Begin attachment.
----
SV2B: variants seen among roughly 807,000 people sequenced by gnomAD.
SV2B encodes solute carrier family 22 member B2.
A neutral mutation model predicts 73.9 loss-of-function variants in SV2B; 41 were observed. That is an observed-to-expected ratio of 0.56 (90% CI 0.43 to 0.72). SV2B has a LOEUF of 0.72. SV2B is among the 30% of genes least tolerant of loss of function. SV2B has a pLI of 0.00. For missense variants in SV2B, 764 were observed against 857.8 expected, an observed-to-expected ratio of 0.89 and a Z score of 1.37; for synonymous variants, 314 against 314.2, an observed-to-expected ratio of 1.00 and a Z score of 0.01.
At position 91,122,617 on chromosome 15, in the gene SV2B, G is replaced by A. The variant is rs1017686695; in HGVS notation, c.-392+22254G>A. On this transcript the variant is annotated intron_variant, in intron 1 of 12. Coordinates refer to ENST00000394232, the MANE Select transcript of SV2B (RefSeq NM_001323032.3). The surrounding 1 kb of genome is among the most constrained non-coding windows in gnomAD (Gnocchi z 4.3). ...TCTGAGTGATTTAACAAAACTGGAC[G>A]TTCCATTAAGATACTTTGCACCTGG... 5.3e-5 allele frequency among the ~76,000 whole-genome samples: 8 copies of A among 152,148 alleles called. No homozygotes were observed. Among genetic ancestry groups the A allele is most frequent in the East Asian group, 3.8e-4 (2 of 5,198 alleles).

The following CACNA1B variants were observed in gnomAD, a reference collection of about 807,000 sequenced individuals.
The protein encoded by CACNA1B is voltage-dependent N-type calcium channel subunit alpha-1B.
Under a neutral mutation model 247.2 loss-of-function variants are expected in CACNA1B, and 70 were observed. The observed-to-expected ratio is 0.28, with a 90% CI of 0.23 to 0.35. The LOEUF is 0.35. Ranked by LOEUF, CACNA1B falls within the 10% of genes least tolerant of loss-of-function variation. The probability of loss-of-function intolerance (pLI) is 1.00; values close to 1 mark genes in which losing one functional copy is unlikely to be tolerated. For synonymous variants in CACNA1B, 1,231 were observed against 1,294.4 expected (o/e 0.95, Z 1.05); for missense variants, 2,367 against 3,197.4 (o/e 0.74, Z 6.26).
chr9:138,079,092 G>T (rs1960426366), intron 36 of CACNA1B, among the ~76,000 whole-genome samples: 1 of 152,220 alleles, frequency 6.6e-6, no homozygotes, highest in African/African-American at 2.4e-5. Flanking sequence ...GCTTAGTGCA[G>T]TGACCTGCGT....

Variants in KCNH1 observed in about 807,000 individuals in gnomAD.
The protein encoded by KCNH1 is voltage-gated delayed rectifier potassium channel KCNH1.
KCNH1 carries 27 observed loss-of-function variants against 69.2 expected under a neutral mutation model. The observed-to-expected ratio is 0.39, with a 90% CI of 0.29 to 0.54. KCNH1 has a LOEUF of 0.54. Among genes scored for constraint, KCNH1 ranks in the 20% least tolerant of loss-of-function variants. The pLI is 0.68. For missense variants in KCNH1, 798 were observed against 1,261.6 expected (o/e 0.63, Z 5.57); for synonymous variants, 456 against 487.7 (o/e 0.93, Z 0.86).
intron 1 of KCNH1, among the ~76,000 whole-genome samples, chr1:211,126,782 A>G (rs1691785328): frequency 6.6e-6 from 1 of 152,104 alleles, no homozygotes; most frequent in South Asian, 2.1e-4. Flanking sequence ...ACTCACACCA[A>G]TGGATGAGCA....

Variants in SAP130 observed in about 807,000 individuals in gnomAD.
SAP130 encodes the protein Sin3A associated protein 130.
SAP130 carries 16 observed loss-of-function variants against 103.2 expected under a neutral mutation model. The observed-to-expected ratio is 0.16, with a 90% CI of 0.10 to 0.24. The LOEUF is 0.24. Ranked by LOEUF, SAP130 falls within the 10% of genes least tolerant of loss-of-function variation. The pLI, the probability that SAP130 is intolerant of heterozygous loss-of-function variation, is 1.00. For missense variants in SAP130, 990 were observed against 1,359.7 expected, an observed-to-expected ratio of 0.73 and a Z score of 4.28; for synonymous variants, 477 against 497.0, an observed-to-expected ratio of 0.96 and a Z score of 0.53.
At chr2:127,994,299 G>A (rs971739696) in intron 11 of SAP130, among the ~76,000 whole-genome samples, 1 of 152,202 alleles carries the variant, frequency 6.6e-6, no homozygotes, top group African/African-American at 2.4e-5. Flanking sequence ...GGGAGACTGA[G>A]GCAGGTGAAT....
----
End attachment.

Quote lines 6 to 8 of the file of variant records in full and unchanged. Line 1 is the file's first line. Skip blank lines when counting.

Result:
The protein encoded by CACNA1B is voltage-dependent N-type calcium channel subunit alpha-1B.
Under a neutral mutation model 247.2 loss-of-function variants are expected in CACNA1B, and 70 were observed. The observed-to-expected ratio is 0.28, with a 90% CI of 0.23 to 0.35. The LOEUF is 0.35. Ranked by LOEUF, CACNA1B falls within the 10% of genes least tolerant of loss-of-function variation. The probability of loss-of-function intolerance (pLI) is 1.00; values close to 1 mark genes in which losing one functional copy is unlikely to be tolerated. For synonymous variants in CACNA1B, 1,231 were observed against 1,294.4 expected (o/e 0.95, Z 1.05); for missense variants, 2,367 against 3,197.4 (o/e 0.74, Z 6.26).
chr9:138,079,092 G>T (rs1960426366), intron 36 of CACNA1B, among the ~76,000 whole-genome samples: 1 of 152,220 alleles, frequency 6.6e-6, no homozygotes, highest in African/African-American at 2.4e-5. Flanking sequence ...GCTTAGTGCA[G>T]TGACCTGCGT....